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Why do Horses Bolt?

Why do Horses Bolt?
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Know the Signs of a Fearful Horse

By Elise Dopson

 

Why do horses bolt?

Bolt

Horse at 2012 Alaska Horse expo panics when he sees cows. Photo credit: NWHS Photo

If you’ve ever experienced a horse bolting – whether you were riding or watching – it can be a terrifying experience for both you and the horse.

Horses run away at speed from a situation where they sense a threat. Horses enjoy feeling safe and comfortable but also like to play. When things go awry, they start to panic.

If your horse has bolted and you’d like to know why it happens, read on to discover more.

How to recognize horse body language

So how do you tell if your horse is about to bolt? A chain of begins to happen.

One thing you may notice your horse do is raise his head and start to straighten up or appear very stiff. This literally happens in a matter of seconds before the adrenaline kicks in and then… he’s off. This can happen quickly and with very little other warning.

If this happens when a rider is in the saddle, they can become completely unseated. It’s vital that the rider tries to remain in the saddle as dismounting at high speed is incredibly dangerous.

What makes a horse bolt?

A strange object or an unfamiliar noise can be very frightening and may result in a bolting horse. Spooking, which is when the horse becomes scared, is a natural fight-or-flight response to the perceived threat.

Sometimes the horse may not be used to a new rider or the way they are being instructed. Similarly, horses who have been raced may be used to bolting out of a starting gate, so it would be natural for them to gallop away.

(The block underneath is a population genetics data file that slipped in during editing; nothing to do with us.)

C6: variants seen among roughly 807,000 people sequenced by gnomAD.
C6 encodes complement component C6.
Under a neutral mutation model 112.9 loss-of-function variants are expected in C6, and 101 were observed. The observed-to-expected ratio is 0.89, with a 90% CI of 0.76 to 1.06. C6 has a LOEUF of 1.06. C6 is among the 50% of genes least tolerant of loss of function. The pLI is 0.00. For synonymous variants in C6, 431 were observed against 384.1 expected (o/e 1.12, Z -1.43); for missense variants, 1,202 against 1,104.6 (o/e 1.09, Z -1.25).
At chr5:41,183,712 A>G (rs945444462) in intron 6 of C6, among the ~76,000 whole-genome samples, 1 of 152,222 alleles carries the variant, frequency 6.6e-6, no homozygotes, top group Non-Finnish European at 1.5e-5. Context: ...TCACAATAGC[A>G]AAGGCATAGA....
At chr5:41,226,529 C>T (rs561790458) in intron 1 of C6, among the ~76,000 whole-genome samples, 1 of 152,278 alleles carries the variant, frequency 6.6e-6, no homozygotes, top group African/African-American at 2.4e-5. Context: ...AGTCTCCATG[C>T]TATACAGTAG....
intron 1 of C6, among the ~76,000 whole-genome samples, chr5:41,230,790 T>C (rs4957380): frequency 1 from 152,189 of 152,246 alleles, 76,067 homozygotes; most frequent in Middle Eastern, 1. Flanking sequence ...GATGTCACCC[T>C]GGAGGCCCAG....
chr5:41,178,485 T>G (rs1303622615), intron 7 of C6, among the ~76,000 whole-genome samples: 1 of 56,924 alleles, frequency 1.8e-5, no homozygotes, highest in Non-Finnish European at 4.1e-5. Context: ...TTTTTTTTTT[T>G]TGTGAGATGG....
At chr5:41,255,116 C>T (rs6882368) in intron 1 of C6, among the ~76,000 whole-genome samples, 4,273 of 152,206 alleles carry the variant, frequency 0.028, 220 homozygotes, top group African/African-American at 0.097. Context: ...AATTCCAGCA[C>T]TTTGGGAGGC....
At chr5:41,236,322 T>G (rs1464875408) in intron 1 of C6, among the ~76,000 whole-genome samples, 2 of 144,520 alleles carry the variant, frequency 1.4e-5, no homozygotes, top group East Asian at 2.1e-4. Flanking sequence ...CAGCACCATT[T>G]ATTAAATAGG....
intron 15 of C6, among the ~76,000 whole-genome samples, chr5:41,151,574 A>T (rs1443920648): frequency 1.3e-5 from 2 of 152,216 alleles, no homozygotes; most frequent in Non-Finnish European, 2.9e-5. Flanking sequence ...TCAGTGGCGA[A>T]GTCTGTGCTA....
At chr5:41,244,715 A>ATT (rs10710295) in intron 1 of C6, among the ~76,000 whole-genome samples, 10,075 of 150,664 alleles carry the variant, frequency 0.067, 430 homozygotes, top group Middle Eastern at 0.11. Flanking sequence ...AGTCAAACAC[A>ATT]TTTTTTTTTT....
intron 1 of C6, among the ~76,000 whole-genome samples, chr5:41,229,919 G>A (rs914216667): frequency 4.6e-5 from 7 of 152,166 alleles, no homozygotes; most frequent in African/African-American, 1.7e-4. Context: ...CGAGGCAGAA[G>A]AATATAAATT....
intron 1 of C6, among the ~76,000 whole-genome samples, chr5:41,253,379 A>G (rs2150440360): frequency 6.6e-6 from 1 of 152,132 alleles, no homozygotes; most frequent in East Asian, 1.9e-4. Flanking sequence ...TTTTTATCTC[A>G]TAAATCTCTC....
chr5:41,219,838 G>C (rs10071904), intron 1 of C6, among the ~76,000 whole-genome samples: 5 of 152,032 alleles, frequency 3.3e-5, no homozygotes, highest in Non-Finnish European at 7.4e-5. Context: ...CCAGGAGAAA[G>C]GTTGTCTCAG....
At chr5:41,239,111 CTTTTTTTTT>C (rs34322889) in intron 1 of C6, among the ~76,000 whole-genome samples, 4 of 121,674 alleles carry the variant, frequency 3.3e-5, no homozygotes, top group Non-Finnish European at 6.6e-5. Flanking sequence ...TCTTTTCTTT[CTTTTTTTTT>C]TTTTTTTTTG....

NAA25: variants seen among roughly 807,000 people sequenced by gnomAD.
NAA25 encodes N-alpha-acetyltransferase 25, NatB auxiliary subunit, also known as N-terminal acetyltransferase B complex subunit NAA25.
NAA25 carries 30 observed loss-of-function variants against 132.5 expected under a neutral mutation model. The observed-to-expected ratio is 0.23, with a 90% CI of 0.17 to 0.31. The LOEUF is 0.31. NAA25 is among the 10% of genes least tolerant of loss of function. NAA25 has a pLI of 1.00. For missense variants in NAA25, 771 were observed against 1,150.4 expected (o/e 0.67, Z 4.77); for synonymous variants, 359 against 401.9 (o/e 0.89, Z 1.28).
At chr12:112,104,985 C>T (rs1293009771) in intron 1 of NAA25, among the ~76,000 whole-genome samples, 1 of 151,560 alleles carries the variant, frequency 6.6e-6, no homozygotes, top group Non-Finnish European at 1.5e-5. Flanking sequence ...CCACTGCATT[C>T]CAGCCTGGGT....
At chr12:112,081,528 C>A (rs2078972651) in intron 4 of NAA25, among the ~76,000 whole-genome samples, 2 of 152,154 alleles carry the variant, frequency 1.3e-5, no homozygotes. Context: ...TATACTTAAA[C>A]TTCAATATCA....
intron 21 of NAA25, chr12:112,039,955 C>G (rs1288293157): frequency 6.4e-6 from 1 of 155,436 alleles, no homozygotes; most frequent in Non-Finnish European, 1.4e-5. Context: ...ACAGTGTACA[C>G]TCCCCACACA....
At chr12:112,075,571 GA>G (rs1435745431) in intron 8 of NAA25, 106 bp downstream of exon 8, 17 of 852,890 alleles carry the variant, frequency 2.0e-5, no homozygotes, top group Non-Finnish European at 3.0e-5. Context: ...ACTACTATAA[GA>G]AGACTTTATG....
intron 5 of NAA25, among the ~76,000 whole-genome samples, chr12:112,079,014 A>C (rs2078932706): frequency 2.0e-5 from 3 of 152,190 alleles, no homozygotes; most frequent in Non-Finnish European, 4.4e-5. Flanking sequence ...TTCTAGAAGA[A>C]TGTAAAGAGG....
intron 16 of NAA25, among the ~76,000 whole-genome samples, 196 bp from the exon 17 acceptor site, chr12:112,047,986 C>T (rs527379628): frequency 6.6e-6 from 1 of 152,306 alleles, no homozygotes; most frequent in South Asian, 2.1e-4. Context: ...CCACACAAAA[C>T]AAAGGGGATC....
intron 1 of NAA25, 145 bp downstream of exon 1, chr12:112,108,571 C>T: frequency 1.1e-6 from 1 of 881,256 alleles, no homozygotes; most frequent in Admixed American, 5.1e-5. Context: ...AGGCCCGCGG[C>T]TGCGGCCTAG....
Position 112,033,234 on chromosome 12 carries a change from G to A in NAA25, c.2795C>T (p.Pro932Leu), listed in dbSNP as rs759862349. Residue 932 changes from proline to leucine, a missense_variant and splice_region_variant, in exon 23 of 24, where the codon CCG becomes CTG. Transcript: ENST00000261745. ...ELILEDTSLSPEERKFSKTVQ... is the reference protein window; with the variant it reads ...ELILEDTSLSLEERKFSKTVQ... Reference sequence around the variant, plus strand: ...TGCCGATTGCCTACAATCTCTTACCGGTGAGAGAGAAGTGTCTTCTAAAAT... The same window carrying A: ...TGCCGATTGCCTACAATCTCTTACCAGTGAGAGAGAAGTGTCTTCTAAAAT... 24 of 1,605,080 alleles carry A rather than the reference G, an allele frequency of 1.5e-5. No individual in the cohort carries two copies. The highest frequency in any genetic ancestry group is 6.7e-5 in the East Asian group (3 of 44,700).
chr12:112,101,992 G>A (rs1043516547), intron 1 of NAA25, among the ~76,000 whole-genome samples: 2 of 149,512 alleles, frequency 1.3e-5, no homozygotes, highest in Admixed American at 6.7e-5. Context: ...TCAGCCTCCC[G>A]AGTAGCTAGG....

Horses can bolt because they are in pain or feel stressed. It may be that they have been girthed too tight or something is pinching them – such as a stirrup or uncomfortable saddle.

What to do if your horse bolts

There a few things you can do if your horse starts to bolt – especially if you are riding at the time – but the main thing is to keep calm and give slow, reassuring instructions to your horse.

One good way to get the horse to wind down is to steer him into a large circle as he will eventually tire and slow down.

Exerting pressure on one rein will also help by disrupting the bolting horse’s momentum. Riding your horse towards a steep hill will also slow the horse down.

You should remember that while you may feel panicked, your horse is extremely frightened. Try to keep their head up and don’t allow your riding position to fall forward.

Hopefully, you have learned a few ways to handle a bolting horse and understand more about why they do this. Remember, that if you can spot the signs before the horse bolts you may be able to dismount safely before they set off, or even manage to calm them down so that they don’t spook in the first place.

Horse insurance is a worthwhile purchase as it protects your horse but did you know, you can also get rider insurance to cover yourself in the event of an accident?

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